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CSUN Athletes Enter New Arena--That of Politics : Referendum: As primary beneficiaries, they stump for ballot measure to increase student fees; monies would be used to underwrite school's sports programs.


NORTHRIDGE — Georgetown, Notre Dame . . . and Cal State Northridge?

It's a stretch--a big stretch--but school athletic officials hope that if a fee referendum is passed by student vote Oct. 18-19, the Northridge name might someday be linked with NCAA powers.

But first, there are pressing money matters to address. And that means student-athletes are spending time pressing palms with students.

Milling about under a tent on campus Wednesday were several Matador athletes, distributing literature and campaigning for the proposal.

"I definitely hope it passes," said Trenton Cross, a member of the men's basketball team. "I'm only a freshman and I'm going to be here a while."

The referendum, if approved, would raise semester fees from $4 to $49 per student, those monies earmarked for athletics. Monday, the department kicked off its campaign in earnest.

Cross was one of at least two-dozen athletes who took an afternoon turn in the tent, pitched just outside athletic department headquarters. The tent was erected Monday and different promotional handbills are being distributed daily.

The information contained in the literature isn't exactly news to the athletes. Last month, the worst-case scenario associated with the referendum's defeat was mapped out during a meeting with Athletic Director Bob Hiegert.

Hiegert said the program, with a budget of $3.6 million, stands to lose as much as $700,000 next year. The fee referendum would generate approximately $2.25 million annually and much of the revenue would be used for scholarships. Hiegert said each team--except the football team--would carry the maximum allowable number of scholarships.

If the referendum fails, Northridge could be forced to slash programs, including football, and might drop from NCAA Division I to II.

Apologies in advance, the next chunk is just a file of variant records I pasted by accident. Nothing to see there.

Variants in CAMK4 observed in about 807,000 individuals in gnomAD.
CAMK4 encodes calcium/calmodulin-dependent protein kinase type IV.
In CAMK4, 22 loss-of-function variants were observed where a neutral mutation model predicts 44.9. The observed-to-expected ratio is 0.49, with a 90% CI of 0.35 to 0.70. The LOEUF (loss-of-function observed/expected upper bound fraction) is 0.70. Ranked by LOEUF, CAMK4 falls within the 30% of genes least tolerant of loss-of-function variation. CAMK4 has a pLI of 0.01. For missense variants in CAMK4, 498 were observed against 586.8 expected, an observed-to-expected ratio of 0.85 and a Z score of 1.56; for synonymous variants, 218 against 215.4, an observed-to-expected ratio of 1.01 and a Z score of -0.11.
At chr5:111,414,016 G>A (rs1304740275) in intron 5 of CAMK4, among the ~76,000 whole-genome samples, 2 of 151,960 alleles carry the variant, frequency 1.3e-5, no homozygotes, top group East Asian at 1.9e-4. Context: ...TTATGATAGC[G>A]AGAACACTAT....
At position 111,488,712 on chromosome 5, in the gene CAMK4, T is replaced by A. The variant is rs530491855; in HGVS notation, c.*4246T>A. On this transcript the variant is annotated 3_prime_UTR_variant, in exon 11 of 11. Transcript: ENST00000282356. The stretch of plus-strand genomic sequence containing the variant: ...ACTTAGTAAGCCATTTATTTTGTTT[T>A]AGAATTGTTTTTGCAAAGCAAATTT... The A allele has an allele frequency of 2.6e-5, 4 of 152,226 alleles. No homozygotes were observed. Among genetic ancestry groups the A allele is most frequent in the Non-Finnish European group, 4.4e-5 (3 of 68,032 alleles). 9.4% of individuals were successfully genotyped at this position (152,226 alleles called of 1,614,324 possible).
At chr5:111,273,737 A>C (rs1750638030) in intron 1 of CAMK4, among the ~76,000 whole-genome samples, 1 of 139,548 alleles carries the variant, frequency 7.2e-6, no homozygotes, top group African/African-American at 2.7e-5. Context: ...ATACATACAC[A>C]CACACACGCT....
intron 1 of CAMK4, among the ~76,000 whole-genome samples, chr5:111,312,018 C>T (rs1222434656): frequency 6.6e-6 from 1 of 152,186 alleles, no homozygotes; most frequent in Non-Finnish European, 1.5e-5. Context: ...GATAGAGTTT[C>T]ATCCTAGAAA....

"If it passes, the program is in good shape," Cross said. "If it doesn't, uh-oh."

Athletics officials have emphasized the payoff for students in the campaign, citing free admission to games and association with a school with a national athletics identity.

Students who listened to the athletes' pitch Wednesday seemed receptive--though there will be a price.

"I'm voting yes," said Nathan Miller, 21, of Granada Hills. "I've got a couple of more years left, but I think it's important to have a football team."

In Miller's case, mission accomplished.

"We're trying to impart that athletics is a recognition thing that is important to everyone," said Brian Swanson, an associate athletic director charged with running the promotional campaign.

"When you say 'Notre Dame,' you think of football. You say 'Georgetown,' you think basketball. Those are solid academic schools, but people generally associate them with their sports programs."

Athletics officials are trying to learn from last semester when a similar referendum was voted down. A lopsided vote from a satellite campus in Ventura doomed the proposition to defeat.

It marked the first time the Ventura campus voted in a school election, Swanson said. Northridge, which plans to campaign in Ventura, also might offer Ventura students a shuttle service to selected on-campus games as an incentive.

Athletes are handling most of the stumping and several already have appeared before campus clubs. Quarterback J.J. O'Laughlin spoke to the Surf Club on Tuesday and receiver Duc Ngo is scheduled to speak with the Vietnamese Students Club. Others have been instructed to give informational speeches in their academic classes.

Those making speaking appearances are given a handout outlining the details of the referendum and its possible impact. Included in the "script" is a breakdown of what $49 buys these days:

-- A Saturday night date;

-- Four compact discs;

-- A new outfit;

-- A big milkshake (per week).

The punch line follows in the form of a question--Is Northridge athletics worth essentially one milkshake per week to maintain?

Each of the school's approximately 325 athletes has been asked to recruit 10 students to vote in favor of the plan. The request is not exactly voluntary. Each was given a sheet on which to list those students' names and phone numbers.

Last spring, Swanson said, approximately 2,000 of the school's 26,000 students cast ballots and the referendum lost by fewer than 100 votes. The athletic department is making considerably more noise about the issue this time around.

"A lot of the people who stopped by (the tent) said they will vote for it this time because they know where the money's going," Swanson said. "I'm not sure that was the case last time."

Then again, student apathy being what it is, the campaign is something of a calculated risk.

Registration each semester already runs $958 for state residents enrolled full time. If enough students are aware of the issue and its cost, they might just vote it down.

"We talked about that," Swanson said. "It comes down to the fact that it's a student program. . . . They need to make the decision."

If the proposal passes, it could be a boon for athletics, which would then use private donations to upgrade facilities. More teams also would be established, Hiegert said.

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